The tines 25a and 26a are substantially parallel to each other.

Their thickness, calculated perpendicular to the longitudinal plane 2d, is even so that the folded portions of the skin 1 a are evenly spaced apart.

This thickness is at least equal to 5 cm, and in detail equal to 10 cm. The tines 25a and 26a may have a length, measured along the longitudinal axis 2a, at least equal to that of the skin 1 a, and in detail equal to 3 m.

The projecting ends of the tines 25a and 26a define the folding surfaces 2b of the skin 1 a and have a curved profile with a radius at least equal to 5 cm, and in detail equal to 10 cm.

In order to arrange and then fold the skin 1 a between the tines 25a and 26a, the diagnostic support 1 may comprise a mover adapted to define a mutual motion of the forks 25 and 26 perpendicular to the longitudinal axis 2a.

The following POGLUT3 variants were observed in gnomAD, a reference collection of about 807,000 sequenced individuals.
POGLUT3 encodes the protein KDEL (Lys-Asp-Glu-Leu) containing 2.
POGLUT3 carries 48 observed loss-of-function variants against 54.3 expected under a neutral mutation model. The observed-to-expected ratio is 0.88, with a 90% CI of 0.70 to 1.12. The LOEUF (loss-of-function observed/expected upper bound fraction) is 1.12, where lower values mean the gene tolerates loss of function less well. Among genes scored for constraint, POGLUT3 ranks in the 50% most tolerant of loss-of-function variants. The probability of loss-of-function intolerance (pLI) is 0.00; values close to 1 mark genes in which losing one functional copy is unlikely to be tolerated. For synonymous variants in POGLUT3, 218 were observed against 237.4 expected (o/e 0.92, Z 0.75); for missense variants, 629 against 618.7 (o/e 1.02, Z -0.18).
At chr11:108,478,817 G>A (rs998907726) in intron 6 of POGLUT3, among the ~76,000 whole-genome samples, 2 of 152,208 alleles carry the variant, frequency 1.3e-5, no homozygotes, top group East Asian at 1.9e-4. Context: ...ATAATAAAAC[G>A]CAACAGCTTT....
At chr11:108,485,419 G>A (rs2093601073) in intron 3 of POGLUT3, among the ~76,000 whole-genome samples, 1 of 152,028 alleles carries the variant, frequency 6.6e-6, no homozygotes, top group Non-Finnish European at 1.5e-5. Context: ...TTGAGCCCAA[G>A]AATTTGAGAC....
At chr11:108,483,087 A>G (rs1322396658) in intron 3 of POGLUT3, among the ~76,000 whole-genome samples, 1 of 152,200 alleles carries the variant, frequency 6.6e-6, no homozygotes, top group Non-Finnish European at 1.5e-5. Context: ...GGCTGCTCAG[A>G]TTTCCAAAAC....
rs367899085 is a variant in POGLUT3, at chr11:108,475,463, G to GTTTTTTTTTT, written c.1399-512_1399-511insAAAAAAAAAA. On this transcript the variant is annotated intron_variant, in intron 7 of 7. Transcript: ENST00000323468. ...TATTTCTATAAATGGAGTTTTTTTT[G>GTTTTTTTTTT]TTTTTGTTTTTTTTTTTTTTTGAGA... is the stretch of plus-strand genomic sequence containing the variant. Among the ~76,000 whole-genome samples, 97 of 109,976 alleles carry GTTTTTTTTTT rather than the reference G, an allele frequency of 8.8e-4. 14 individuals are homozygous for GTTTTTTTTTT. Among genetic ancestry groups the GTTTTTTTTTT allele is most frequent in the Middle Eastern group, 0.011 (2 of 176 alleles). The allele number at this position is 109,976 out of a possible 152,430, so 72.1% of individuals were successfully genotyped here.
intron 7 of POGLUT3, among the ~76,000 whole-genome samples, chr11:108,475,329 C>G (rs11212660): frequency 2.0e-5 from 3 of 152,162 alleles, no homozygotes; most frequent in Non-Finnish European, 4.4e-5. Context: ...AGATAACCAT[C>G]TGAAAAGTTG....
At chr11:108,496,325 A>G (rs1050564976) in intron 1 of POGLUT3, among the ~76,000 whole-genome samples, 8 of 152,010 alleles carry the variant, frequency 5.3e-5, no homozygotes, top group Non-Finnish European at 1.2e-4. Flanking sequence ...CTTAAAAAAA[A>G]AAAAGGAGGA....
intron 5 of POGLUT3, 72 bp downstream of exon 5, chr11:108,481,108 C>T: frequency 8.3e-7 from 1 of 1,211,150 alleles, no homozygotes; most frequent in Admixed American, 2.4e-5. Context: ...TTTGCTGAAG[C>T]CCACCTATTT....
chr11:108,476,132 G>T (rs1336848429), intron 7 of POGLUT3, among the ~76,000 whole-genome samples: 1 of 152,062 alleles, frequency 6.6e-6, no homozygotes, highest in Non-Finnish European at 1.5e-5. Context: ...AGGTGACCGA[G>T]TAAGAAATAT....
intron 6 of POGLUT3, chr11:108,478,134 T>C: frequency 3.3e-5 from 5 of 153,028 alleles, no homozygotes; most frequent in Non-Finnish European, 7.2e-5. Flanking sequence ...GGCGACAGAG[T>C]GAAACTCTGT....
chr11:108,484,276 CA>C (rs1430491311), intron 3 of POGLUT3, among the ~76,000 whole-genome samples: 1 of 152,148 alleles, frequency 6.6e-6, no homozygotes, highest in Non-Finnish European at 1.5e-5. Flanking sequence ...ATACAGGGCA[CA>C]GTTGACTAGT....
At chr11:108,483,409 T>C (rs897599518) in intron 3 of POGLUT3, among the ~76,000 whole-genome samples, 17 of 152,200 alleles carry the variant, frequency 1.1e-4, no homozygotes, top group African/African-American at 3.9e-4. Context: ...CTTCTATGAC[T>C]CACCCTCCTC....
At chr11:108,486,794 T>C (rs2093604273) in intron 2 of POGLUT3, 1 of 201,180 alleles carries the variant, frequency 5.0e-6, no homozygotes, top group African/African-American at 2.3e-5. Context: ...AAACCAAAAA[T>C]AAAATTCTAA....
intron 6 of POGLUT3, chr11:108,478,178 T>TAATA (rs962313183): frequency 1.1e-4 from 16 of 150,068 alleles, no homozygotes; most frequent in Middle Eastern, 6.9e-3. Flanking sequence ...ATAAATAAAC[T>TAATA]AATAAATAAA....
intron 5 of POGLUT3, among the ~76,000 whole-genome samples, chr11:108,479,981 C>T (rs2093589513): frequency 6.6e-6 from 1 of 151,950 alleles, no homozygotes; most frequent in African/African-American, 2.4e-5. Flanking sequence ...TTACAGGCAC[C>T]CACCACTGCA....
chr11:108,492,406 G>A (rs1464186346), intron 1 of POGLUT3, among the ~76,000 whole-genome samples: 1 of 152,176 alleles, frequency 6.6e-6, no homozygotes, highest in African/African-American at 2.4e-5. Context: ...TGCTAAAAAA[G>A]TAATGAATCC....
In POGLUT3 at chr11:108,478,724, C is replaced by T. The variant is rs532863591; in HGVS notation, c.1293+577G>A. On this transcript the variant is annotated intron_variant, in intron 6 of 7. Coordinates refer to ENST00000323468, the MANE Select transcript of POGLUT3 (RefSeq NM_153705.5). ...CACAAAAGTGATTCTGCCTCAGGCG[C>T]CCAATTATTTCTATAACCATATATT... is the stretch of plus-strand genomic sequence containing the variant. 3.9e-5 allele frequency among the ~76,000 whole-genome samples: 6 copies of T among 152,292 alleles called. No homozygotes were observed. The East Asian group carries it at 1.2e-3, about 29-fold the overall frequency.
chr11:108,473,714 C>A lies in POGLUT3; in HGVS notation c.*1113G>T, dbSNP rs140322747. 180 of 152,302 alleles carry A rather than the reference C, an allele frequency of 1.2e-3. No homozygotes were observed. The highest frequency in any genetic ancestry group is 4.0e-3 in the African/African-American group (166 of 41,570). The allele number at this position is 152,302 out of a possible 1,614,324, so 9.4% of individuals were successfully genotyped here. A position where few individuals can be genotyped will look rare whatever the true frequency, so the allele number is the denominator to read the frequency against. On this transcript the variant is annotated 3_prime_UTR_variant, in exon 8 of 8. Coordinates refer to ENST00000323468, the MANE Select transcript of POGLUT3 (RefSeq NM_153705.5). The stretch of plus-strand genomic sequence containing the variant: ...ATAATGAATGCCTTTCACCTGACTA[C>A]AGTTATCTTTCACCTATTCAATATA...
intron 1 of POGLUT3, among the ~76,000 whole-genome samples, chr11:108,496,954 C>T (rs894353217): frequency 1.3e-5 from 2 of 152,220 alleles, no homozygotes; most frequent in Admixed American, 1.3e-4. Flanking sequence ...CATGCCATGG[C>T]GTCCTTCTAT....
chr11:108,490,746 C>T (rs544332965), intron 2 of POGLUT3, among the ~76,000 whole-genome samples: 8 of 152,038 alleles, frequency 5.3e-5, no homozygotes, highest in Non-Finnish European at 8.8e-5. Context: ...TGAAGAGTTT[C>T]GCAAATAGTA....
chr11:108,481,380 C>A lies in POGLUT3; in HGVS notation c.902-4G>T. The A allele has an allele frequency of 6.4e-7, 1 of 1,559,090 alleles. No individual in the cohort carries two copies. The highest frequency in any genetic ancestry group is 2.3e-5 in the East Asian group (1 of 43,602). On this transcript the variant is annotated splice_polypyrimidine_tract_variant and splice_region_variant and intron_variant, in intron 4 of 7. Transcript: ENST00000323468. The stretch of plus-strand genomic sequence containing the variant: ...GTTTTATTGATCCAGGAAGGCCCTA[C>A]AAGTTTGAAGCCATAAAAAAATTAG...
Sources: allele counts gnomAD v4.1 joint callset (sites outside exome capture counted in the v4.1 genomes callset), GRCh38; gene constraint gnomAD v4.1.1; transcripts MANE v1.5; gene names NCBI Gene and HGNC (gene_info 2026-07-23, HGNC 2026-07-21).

The mover defines an insertion position (Fig. 4a), in which the tines 25a and 26a are mutually spaced apart so as to allow the insertion of the skin 1 a between the forks 25 and 26; and a folding position (Fig. 4b) in which the forks 25 and 26 are close together so as to mutually interpose the tines 25a and 26a, thereby folding the skin 1 a.

The diagnostic support 1 may comprise a conveyor adapted to move the skin 1 a, arranging it between the tines 25a and 26a.

The conveyor is identifiable as one or more wires integral with the skin 1 a and adapted to slide between the tines 25a and 26a, dragging and, therefore, arranging the skin 1 a between the tines 25a and 26a.

Finally, in each of the second, third and fourth preferred embodiments, the diagnostic support 1 may comprise fastening means capable of bonding any loose flaps of the skin 1 a to the radio-transparent structure 2.

The fastening means are made of polyurethane foam or of a radio-transparent material.